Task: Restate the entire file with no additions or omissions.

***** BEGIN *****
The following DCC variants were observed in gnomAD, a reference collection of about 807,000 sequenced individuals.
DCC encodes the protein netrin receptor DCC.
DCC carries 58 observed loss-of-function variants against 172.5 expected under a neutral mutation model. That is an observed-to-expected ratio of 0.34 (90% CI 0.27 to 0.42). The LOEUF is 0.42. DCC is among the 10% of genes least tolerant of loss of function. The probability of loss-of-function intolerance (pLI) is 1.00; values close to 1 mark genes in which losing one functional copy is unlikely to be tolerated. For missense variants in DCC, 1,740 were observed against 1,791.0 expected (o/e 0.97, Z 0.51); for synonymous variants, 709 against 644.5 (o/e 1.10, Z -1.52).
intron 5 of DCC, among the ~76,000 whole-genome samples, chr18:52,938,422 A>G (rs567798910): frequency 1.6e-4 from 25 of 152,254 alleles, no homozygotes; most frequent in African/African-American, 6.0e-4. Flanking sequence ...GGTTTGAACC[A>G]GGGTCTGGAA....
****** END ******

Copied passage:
The following DCC variants were observed in gnomAD, a reference collection of about 807,000 sequenced individuals.
DCC encodes the protein netrin receptor DCC.
DCC carries 58 observed loss-of-function variants against 172.5 expected under a neutral mutation model. That is an observed-to-expected ratio of 0.34 (90% CI 0.27 to 0.42). The LOEUF is 0.42. DCC is among the 10% of genes least tolerant of loss of function. The probability of loss-of-function intolerance (pLI) is 1.00; values close to 1 mark genes in which losing one functional copy is unlikely to be tolerated. For missense variants in DCC, 1,740 were observed against 1,791.0 expected (o/e 0.97, Z 0.51); for synonymous variants, 709 against 644.5 (o/e 1.10, Z -1.52).
intron 5 of DCC, among the ~76,000 whole-genome samples, chr18:52,938,422 A>G (rs567798910): frequency 1.6e-4 from 25 of 152,254 alleles, no homozygotes; most frequent in African/African-American, 6.0e-4. Flanking sequence ...GGTTTGAACC[A>G]GGGTCTGGAA....